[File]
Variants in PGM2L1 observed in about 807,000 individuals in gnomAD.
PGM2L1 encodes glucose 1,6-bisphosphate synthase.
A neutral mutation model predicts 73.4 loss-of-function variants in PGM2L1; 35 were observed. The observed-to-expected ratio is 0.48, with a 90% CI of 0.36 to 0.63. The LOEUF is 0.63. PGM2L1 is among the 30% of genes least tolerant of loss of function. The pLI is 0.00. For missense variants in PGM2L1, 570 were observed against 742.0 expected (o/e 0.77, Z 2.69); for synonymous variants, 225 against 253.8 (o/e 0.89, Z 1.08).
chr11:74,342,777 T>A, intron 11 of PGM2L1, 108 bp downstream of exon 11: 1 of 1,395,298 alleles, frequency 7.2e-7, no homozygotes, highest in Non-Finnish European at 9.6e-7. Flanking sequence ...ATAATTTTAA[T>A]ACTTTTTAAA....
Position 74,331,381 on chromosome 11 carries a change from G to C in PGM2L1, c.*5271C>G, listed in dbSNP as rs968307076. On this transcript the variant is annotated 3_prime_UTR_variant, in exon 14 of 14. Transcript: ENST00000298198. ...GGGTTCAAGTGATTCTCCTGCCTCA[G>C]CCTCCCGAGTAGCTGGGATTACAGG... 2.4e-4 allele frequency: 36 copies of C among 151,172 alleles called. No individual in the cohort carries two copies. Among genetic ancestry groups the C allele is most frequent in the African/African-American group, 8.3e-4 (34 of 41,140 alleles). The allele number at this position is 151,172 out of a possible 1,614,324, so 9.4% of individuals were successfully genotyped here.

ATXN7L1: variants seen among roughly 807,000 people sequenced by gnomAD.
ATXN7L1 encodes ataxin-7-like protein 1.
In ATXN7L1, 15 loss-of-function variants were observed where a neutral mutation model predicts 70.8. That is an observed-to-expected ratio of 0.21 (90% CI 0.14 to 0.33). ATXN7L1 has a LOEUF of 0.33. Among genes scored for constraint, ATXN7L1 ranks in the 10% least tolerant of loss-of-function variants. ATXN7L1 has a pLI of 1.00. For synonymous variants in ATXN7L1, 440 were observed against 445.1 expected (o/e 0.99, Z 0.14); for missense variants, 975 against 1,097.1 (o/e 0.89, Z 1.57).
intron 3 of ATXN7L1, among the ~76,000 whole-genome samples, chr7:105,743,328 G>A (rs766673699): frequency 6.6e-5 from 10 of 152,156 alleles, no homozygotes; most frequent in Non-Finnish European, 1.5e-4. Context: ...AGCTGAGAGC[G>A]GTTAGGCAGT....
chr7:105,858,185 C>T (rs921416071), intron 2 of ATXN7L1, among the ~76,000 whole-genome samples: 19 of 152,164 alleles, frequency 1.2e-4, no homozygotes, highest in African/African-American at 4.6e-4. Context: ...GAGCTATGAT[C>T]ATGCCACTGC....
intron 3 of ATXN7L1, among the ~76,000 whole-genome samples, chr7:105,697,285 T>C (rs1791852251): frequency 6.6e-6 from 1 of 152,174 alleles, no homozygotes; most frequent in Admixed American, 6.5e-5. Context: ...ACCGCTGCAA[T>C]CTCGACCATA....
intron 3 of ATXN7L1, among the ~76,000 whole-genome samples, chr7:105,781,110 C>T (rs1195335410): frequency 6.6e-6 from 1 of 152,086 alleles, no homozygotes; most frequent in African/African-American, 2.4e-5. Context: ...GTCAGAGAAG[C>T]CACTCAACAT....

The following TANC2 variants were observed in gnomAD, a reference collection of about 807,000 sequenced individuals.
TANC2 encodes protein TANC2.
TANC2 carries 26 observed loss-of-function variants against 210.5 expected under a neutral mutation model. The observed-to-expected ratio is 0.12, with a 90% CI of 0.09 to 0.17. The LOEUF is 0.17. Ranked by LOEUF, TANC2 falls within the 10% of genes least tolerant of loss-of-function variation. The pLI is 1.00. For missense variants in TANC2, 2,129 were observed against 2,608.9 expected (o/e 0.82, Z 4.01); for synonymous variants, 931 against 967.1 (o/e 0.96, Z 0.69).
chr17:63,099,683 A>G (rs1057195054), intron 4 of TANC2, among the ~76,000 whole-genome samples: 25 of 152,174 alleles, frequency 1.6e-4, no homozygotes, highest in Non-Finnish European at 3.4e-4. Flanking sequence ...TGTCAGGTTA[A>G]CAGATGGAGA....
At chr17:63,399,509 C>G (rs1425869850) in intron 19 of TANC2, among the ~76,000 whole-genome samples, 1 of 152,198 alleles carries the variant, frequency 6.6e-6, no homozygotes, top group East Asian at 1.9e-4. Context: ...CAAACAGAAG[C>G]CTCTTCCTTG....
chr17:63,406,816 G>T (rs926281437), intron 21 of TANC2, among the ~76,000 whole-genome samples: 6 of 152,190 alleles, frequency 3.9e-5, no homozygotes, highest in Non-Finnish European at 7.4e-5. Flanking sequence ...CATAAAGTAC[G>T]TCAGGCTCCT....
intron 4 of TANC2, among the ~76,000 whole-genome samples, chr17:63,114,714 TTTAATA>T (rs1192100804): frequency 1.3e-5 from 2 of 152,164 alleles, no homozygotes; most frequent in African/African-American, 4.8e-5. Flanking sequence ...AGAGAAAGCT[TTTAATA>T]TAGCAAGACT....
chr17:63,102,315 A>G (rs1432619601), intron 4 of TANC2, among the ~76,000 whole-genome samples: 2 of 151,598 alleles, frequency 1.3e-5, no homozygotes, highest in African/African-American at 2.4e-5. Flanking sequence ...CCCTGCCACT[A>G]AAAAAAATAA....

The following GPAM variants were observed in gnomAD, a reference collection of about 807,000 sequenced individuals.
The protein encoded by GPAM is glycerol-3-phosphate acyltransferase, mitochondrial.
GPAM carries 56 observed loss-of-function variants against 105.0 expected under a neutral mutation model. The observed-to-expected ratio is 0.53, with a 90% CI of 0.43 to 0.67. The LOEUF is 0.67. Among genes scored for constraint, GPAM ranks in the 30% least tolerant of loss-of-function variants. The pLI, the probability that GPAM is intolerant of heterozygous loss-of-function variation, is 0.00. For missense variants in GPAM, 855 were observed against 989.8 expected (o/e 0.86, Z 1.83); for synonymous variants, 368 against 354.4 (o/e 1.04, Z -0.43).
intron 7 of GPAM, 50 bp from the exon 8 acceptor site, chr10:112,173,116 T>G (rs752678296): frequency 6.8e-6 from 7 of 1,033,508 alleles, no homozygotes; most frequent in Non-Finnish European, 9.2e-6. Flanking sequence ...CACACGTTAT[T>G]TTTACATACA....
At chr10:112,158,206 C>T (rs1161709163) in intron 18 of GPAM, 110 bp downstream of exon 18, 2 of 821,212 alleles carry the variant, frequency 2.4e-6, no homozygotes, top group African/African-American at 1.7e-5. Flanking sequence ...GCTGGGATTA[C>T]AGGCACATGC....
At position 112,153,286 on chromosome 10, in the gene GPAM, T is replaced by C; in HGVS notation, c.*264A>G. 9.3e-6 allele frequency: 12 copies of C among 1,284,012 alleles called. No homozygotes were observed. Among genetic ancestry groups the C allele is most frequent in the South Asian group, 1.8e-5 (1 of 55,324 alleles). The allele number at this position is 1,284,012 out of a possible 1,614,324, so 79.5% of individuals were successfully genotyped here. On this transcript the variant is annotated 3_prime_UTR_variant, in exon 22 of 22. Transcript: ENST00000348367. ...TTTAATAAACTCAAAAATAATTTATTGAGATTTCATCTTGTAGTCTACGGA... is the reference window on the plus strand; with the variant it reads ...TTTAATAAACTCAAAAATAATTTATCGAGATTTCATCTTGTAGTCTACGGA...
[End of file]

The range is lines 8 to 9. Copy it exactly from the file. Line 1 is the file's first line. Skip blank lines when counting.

In ATXN7L1, 15 loss-of-function variants were observed where a neutral mutation model predicts 70.8. That is an observed-to-expected ratio of 0.21 (90% CI 0.14 to 0.33). ATXN7L1 has a LOEUF of 0.33. Among genes scored for constraint, ATXN7L1 ranks in the 10% least tolerant of loss-of-function variants. ATXN7L1 has a pLI of 1.00. For synonymous variants in ATXN7L1, 440 were observed against 445.1 expected (o/e 0.99, Z 0.14); for missense variants, 975 against 1,097.1 (o/e 0.89, Z 1.57).
intron 3 of ATXN7L1, among the ~76,000 whole-genome samples, chr7:105,743,328 G>A (rs766673699): frequency 6.6e-5 from 10 of 152,156 alleles, no homozygotes; most frequent in Non-Finnish European, 1.5e-4. Context: ...AGCTGAGAGC[G>A]GTTAGGCAGT....